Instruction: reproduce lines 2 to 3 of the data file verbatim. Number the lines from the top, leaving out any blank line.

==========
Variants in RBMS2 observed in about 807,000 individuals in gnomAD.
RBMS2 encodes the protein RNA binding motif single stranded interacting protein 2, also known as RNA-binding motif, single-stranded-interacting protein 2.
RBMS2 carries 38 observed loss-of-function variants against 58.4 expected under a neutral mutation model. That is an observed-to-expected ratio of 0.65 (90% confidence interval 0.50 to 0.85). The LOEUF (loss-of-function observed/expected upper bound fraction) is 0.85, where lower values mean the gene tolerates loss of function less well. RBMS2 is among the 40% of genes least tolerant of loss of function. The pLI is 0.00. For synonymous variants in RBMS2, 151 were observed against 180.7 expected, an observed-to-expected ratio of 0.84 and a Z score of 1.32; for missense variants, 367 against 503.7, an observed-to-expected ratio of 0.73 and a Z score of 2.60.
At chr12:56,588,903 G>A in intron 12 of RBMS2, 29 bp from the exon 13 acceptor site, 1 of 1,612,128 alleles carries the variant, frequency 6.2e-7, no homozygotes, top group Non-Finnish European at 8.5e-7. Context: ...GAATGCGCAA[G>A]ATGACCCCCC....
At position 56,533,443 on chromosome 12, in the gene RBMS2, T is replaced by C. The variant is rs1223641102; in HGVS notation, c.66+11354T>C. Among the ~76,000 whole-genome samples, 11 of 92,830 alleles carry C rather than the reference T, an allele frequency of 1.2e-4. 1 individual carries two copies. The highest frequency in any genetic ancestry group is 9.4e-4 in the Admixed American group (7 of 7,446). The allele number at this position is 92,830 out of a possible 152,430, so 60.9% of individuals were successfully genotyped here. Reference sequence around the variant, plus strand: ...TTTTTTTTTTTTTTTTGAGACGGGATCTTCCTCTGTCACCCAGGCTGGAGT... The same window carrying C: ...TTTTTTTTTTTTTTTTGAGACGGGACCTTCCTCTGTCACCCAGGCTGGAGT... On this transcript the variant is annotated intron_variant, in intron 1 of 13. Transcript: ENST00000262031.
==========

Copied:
RBMS2 encodes the protein RNA binding motif single stranded interacting protein 2, also known as RNA-binding motif, single-stranded-interacting protein 2.
RBMS2 carries 38 observed loss-of-function variants against 58.4 expected under a neutral mutation model. That is an observed-to-expected ratio of 0.65 (90% confidence interval 0.50 to 0.85). The LOEUF (loss-of-function observed/expected upper bound fraction) is 0.85, where lower values mean the gene tolerates loss of function less well. RBMS2 is among the 40% of genes least tolerant of loss of function. The pLI is 0.00. For synonymous variants in RBMS2, 151 were observed against 180.7 expected, an observed-to-expected ratio of 0.84 and a Z score of 1.32; for missense variants, 367 against 503.7, an observed-to-expected ratio of 0.73 and a Z score of 2.60.